Beach City Says So Long To The Leafblower

The Redondo Beach City Council took steps on Tuesday to ban gas-powered leaf blowers within the city, citing long-standing noise complaints from residents and effects on air quality.

In a 3-2 vote with Councilmembers Nils Nehrenheim and John Gran dissenting, the council directed City Attorney Mike Webb to amend the city’s noise ordinance to include a prohibition on leaf blowers citywide.

The amended ordinance is expected to come back to the City Council at least twice for approval before it’s enacted.  Based on the proposal, violators would be punishable the same as noise citations with the first ticket subject to a $100 fine, the second punishable by $200, and for the third citation within a year, the violator would pay $500.

Bans on gas-powered leaf blowers were passed into law in Manhattan Beach in 2011 and in Hermosa Beach since the early 1990s. Redondo Beach passed its first ordinance in 1986, restricting the blowers use to a certain time period. In 2012, the city further restricted their use so that currently gas-powered leaf blowers are only permitted weekdays from 8 a.m. to 5 p.m. and on Saturday from 9 a.m. to 6 p.m.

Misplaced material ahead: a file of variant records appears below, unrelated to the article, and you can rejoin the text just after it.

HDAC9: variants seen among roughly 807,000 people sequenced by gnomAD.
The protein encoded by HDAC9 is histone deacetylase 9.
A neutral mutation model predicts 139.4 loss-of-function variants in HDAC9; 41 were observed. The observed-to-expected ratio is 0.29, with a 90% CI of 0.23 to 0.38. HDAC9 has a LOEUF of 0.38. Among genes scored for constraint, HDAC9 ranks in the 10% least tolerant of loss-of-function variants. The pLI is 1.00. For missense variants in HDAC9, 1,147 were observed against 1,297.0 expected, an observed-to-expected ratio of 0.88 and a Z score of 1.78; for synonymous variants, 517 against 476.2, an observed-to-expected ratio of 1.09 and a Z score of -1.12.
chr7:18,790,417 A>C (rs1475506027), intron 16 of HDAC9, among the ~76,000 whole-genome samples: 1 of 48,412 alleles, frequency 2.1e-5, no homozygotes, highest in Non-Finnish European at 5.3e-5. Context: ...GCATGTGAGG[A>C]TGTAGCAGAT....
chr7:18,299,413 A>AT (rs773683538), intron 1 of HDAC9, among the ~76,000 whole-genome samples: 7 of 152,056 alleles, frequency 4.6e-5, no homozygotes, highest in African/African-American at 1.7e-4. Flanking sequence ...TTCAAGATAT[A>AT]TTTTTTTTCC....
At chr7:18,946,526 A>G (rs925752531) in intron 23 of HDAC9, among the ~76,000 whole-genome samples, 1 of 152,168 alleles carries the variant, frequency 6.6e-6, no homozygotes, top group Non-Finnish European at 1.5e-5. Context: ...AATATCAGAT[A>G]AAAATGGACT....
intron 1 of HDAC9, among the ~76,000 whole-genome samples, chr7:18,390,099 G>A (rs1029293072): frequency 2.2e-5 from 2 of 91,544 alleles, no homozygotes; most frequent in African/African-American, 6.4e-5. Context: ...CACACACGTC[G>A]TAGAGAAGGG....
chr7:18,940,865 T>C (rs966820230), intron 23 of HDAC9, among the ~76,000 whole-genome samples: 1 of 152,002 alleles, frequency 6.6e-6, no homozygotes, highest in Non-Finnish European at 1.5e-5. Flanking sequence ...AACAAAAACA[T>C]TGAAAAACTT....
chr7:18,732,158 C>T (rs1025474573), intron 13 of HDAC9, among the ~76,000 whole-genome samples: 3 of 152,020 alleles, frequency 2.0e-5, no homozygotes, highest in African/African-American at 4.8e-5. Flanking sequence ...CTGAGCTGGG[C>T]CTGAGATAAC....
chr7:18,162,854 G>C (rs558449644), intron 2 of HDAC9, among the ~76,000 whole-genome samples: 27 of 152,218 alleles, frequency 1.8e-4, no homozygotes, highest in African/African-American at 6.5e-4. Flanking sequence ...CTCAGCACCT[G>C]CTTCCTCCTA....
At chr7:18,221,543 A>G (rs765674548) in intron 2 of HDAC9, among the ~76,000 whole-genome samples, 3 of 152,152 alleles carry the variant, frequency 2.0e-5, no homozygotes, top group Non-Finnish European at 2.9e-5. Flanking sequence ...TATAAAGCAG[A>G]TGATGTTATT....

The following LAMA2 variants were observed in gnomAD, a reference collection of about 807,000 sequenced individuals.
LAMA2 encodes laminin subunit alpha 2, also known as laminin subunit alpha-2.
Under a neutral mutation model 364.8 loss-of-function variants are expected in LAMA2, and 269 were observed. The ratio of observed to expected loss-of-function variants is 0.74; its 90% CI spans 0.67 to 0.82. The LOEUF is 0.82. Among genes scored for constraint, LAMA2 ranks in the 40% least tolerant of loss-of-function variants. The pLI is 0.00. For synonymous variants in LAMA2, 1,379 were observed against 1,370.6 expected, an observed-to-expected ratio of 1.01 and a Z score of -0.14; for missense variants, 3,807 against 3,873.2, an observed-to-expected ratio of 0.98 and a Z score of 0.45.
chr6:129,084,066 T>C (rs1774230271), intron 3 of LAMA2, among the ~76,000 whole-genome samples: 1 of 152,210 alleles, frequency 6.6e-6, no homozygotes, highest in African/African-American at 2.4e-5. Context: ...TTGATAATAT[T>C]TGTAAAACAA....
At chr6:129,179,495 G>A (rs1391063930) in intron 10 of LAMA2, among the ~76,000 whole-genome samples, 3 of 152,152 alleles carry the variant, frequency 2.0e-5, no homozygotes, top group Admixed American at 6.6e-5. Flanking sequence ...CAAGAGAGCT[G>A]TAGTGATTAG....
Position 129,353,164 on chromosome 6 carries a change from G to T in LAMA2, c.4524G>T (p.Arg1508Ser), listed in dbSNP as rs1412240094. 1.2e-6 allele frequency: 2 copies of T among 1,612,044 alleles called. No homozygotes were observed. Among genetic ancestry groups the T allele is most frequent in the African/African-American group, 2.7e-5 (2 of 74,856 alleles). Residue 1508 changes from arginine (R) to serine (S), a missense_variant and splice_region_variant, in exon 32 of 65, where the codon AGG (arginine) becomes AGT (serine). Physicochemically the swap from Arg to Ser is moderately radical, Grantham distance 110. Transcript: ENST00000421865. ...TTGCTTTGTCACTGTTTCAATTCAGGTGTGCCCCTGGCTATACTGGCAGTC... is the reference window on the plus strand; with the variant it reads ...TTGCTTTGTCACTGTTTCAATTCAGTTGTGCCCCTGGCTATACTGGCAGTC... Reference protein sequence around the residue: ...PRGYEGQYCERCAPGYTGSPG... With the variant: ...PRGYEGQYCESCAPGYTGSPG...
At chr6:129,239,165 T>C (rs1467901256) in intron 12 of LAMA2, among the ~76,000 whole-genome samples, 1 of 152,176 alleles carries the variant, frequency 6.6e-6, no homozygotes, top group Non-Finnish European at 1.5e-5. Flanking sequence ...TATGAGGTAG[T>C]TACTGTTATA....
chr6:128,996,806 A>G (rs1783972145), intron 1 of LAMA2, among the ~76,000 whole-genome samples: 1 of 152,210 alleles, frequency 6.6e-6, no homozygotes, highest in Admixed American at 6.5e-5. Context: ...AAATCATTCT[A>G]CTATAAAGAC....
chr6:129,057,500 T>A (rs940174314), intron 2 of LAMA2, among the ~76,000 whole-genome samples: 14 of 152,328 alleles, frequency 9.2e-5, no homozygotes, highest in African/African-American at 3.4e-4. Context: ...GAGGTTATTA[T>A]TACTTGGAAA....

In voting against the citywide prohibition, Gran cited the estimated $240,000 per year it would cost the city’s public works department in additional maintenance costs. He was in favor, though, of banning them in residential zones.

Public Works Director Ted Semaan told the City Council that if the department switched to brooms and rakes, it would take five times the amount of time to maintain city property. However, a Redondo Beach resident and former employee for the city of Los Angeles, where leaf blowers are banned in residential areas, said those estimates were exaggerated.

In less than two years, gas-powered gardening equipment including leaf blowers, lawn mowers and hedge trimmers will surpass cars as the worst air polluters in California, according to the state’s Air Resources Board, which is considering more rigid statewide restrictions.

While air emission standards have become stricter for cars over the years, that hasn’t been the case for gardening equipment. With more than 16 million estimated little engines roaring away in California each day, that pollution adds up.

In addition, the state Environmental Protection Agency reports that the best-selling commercial leaf blower in just one hour of use emits as much pollution as driving a 2016 Toyota Camry about 1,100 miles.

Source: The Beach Reporter

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